Rising to the Call
April 16, 2020
Sarah Phillips, a registered nurse, is a critical care unit clinical educator at Marian Regional Medical Center in Santa Maria, California. She and her colleagues are caring for many patients with COVID-19. Phillips switched from days to the overnight shift as COVID-19 patients began coming to Dignity Health's Marian Regional. (Dignity Health is part of CommonSpirit Health.) Her shifts in recent weeks have often stretched well beyond 12 hours.
Phillips talked to Catholic Health World's Lisa Eisenhauer about being in a front-line, lifesaving role in the pandemic and how she and her colleagues are coping with the stress level. To give intensive care unit clinicians a mental break during their grueling shifts, she turned two small family waiting rooms (emptied by the no-visitors policy) into staff "relaxation rooms." Here, in her own words, she underscores the imperative for clinicians to practice self-care to keep up the breakneck pace:
I've been with Dignity Health's Marian Regional Medical Center for almost eight years now. Just recently, I was able to transition into critical care, which is where my heart and soul is, and I've been there since January. I got to jump in, get my bearings a little bit and start COVID care.
Sarah Phillips, a critical care unit clinical educator at Marian Regional Medical Center in Santa Maria, California, invites attention to the comfy massage chair and other amenities in one of the two relaxation rooms she created at the hospital for nurses, respiratory therapists, doctors and others treating the sickest COVID-19 patients.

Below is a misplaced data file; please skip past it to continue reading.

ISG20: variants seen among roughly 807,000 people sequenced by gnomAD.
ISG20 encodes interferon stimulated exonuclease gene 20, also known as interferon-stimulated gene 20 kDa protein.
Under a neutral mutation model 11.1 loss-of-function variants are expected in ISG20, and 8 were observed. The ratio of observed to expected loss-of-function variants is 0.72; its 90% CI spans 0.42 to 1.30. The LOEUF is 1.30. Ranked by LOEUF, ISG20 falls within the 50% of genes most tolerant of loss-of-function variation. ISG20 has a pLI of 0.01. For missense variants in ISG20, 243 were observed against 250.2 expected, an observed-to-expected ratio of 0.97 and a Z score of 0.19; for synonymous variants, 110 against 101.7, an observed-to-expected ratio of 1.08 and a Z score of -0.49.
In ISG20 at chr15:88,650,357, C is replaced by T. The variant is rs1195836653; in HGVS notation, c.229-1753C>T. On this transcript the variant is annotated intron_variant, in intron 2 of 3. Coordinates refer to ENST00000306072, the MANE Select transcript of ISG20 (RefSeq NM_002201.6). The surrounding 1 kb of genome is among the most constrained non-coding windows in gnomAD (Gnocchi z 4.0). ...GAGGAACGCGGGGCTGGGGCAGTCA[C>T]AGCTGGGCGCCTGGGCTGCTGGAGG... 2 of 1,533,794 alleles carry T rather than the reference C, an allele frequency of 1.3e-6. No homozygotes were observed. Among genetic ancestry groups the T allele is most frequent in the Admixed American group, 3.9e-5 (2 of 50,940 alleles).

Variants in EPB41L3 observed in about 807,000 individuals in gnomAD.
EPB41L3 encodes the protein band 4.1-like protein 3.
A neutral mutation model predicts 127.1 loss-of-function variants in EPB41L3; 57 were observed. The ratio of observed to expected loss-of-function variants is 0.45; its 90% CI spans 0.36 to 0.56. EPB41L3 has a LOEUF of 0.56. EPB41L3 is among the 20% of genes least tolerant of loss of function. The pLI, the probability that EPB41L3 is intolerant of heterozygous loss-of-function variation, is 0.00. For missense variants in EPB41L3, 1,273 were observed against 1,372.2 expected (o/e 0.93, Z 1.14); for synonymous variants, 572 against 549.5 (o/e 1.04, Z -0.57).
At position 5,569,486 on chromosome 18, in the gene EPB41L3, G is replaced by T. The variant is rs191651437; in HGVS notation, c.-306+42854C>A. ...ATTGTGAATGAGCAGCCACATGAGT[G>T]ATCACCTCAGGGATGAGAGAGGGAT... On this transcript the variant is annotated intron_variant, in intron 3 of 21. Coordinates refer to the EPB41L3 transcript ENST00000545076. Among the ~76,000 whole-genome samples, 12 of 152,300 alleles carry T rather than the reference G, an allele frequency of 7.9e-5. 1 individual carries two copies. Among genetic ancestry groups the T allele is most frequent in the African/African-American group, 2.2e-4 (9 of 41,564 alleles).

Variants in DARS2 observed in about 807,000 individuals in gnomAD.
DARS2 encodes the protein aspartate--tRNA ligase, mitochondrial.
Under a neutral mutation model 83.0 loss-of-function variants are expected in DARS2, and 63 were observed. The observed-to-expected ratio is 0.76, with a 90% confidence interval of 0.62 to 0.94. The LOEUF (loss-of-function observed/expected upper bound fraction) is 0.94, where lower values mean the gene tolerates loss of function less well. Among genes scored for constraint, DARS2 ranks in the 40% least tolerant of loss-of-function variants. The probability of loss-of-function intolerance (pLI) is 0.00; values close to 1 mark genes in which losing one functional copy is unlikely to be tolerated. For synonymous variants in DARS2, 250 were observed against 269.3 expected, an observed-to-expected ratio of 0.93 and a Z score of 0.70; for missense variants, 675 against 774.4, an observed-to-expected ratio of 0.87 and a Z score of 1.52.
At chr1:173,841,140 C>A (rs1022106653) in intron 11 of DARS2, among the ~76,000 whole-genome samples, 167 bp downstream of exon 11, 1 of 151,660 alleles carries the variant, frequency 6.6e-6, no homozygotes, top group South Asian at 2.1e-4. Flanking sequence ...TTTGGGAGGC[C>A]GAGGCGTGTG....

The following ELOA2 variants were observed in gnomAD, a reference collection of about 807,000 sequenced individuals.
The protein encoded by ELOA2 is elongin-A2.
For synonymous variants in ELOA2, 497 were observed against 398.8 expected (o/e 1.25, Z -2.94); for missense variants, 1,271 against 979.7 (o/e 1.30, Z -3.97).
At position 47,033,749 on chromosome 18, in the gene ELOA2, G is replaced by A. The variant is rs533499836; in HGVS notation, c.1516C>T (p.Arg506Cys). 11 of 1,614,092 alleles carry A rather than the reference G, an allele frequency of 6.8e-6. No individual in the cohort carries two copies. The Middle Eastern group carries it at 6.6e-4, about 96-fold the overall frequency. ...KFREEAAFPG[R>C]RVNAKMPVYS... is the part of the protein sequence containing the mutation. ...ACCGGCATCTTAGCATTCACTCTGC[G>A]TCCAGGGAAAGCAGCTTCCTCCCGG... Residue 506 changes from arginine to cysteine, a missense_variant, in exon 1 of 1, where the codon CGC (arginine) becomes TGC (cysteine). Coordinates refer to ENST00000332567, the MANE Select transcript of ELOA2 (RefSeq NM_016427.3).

As a critical care educator, I support the staff in the department with any of their educational needs. I am also a facilitator for our new hires, new grads that enter our RN residency program. I also help develop workflow processes for the nurses and I'm hands-on at the bedside with them.
We prepared a specific unit for our COVID-positive patients and for our pending test results patients. We have quite a few COVID patients right now in ICU. We have isolation rooms and we have been doing a lot of cross-training with nurses so we can have more resources and more support when taking care of these patients — they require a lot of extra care — and then just making sure that we're properly putting on our protective equipment. There's a constant influx of new procedures and new processes for caring for these patients that varies from our normal workflow. That's been very stressful on us as nurses and as administrators and leaders.
I'm always there at night with the staff. Some of them are more junior nurses, a little less experienced overall with ICU. Some of them have been on the unit for a couple of years or even less. They really appreciate having that extra support and keeping the continuity of workflow and processes and safety and then mental and emotional support, too.